North Rhine-Westphalia also has no additional restrictions other than the basic measures regulation: mandatory masks in health and social care facilities and public transport, and mandatory testing for health and social care workers.

Thuringia has reduced the compulsory isolation for people with Covid to five days from May. A 3G rule now applies to visits to hospitals and care facilities, meaning that people have to show proof of vaccination, recovery or a negative test. Vaccinated and recovered people no longer have to provide negative proof of testing.

A sign in Leipzig says: 'vaccinate against Covid'.

A sign in Leipzig says: ‘vaccinate against Covid’. Photo: picture alliance/dpa/dpa-Zentralbild | Sebastian Willnow

In Bremen, the isolation requirement has been reduced from seven to five days. However, people need a negative test from a test centre or doctor to leave isolation.

In hospitals and care facilities, an FFP2 mask is compulsory for visitors over 14; previously, any medical mask was sufficient. The obligation to test in schools has been dropped, but remains in place in day-care centres.

In Saarland, health authorities have not yet been instructed to cut the isolation requirement in this state. Testing at schools has been reduced from three a week to two.

In Rhineland-Palatinate, people who have Covid and are symptom-free only have to isolate themselves for five days from May onwards. Otherwise, basic measures like compulsory masks in clinics, homes, local and long-distance transport apply. 

In Saxony, the testing obligation for pupils and teachers has been lifted. Masks must still be worn on school buses, however. The mandatory isolation period in Saxony has also been cut to five days if people have no symptoms for 48 hours beforehand. No test is needed to end the quarantine. If people have symptoms or feel ill they must isolate up to a maximum of 10 days.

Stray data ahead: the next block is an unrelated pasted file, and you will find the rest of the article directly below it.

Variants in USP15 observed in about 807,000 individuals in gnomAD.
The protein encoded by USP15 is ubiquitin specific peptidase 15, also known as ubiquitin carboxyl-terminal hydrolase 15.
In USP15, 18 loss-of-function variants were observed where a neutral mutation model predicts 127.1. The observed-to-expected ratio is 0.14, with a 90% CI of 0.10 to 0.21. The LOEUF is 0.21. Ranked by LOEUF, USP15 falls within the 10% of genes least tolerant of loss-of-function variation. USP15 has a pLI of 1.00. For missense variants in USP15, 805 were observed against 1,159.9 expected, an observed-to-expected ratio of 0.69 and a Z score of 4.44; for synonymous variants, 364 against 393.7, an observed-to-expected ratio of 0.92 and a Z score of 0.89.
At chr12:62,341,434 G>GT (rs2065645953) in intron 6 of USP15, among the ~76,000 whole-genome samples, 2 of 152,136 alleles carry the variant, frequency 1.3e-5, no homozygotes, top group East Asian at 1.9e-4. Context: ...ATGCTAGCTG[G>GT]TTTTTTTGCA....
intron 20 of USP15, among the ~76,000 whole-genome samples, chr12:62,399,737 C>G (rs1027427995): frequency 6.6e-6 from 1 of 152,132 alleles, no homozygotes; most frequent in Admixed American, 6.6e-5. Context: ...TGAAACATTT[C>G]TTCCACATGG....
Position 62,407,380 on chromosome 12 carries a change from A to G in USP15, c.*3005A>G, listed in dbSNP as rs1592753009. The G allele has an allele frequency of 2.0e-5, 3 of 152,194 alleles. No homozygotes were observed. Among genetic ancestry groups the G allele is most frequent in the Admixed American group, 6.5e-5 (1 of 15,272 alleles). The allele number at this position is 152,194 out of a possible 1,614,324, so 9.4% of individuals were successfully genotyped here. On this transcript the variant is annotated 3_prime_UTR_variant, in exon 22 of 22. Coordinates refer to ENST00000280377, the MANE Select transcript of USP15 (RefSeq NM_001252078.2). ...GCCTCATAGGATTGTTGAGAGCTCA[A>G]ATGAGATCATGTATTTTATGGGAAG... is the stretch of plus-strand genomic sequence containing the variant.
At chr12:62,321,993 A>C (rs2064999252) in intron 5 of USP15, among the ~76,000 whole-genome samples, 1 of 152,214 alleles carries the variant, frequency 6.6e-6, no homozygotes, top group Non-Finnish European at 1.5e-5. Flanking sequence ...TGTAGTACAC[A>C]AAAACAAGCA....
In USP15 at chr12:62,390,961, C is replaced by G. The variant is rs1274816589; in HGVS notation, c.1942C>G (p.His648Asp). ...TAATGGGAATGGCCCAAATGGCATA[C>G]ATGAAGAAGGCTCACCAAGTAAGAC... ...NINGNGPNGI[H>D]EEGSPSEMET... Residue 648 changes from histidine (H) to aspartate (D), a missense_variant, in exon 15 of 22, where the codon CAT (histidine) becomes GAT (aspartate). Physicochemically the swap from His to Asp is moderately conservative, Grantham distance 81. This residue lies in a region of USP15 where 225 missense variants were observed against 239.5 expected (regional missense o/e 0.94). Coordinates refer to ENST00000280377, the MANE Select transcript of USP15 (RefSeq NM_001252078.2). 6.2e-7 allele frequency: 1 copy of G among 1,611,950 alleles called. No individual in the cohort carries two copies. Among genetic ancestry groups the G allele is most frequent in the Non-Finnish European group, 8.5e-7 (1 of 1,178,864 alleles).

In Saxony-Anhalt, basic protection rules remain in place, including the mask requirement in local public transport, doctors’ surgeries, hospitals and care facilities. Compulsory testing in schools was dropped last week.

Please keep in mind that this is an overview but rules can change at short notice. Double check with your regional government for more details on the rules. 

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Germany’s top court approves Covid vaccine mandate for health workers

Germany's highest court ruled on Thursday that the mandatory Covid-19 vaccination rule for employees in health and care sectors is constitutional.

Germany's top court approves Covid vaccine mandate for health workers

From mid-March this year, health and care workers in Germany have had to prove they are vaccinated against Covid-19 or recently recovered. 

If they can’t provide this proof they face fines or even bans from working – however it is unclear how widely it has been enforced due to concerns over staff shortages. 

On Thursday the constitutional court rejected complaints against the partial vaccination mandate, saying the protection of vulnerable people outweighs any infringement of employees’ rights.

The law covers employees in hospitals as well as care homes, clinics, emergency services, doctors’ surgeries and facilities for people with disabilities. 

READ ALSO: What you need to know about Germany’s Covid vaccine mandate for health staff

The court acknowledged that the law meant employees who don’t want to be vaccinated would have to deal with professional consequences or change their job – or even profession. 

However, the obligation to be vaccinated against Covid as a health or care worker is constitutionally justified and proportionate, according to the judges.

They said that’s because compulsory vaccination in this case is about protecting elderly and sick people. These groups are at increased risk of becoming infected by Covid-19 and are more likely to become seriously ill or die.

The protection of vulnerable groups is of “paramount importance”, the resolution states.

Health Minister Karl Lauterbach welcomed Thursday’s ruling and thanked health care facilities who have already implemented the vaccine mandate. He said: “The state is obliged to protect vulnerable groups”.

Course of the pandemic doesn’t change things

According to the ruling, the development of the pandemic in Germany is no reason to change course. 

The court based its decision on the assessment of the Robert Koch Institute (RKI) and medical societies, stating that it could still be assumed that a vaccination would protect against the Omicron variant.

It’s true that the protection of vaccines decreases over time, and most courses of disease are milder with the Omicron variant. Nevertheless, the institution-based vaccination obligation remains constitutional because, according to the experts, the higher risk for old and sick people has not fundamentally changed.

A vaccine mandate that would have affected more of the population in Germany was rejected by the Bundestag in a vote held in April

MPs had been allowed to vote with their conscience on the issue rather than having to vote along party lines.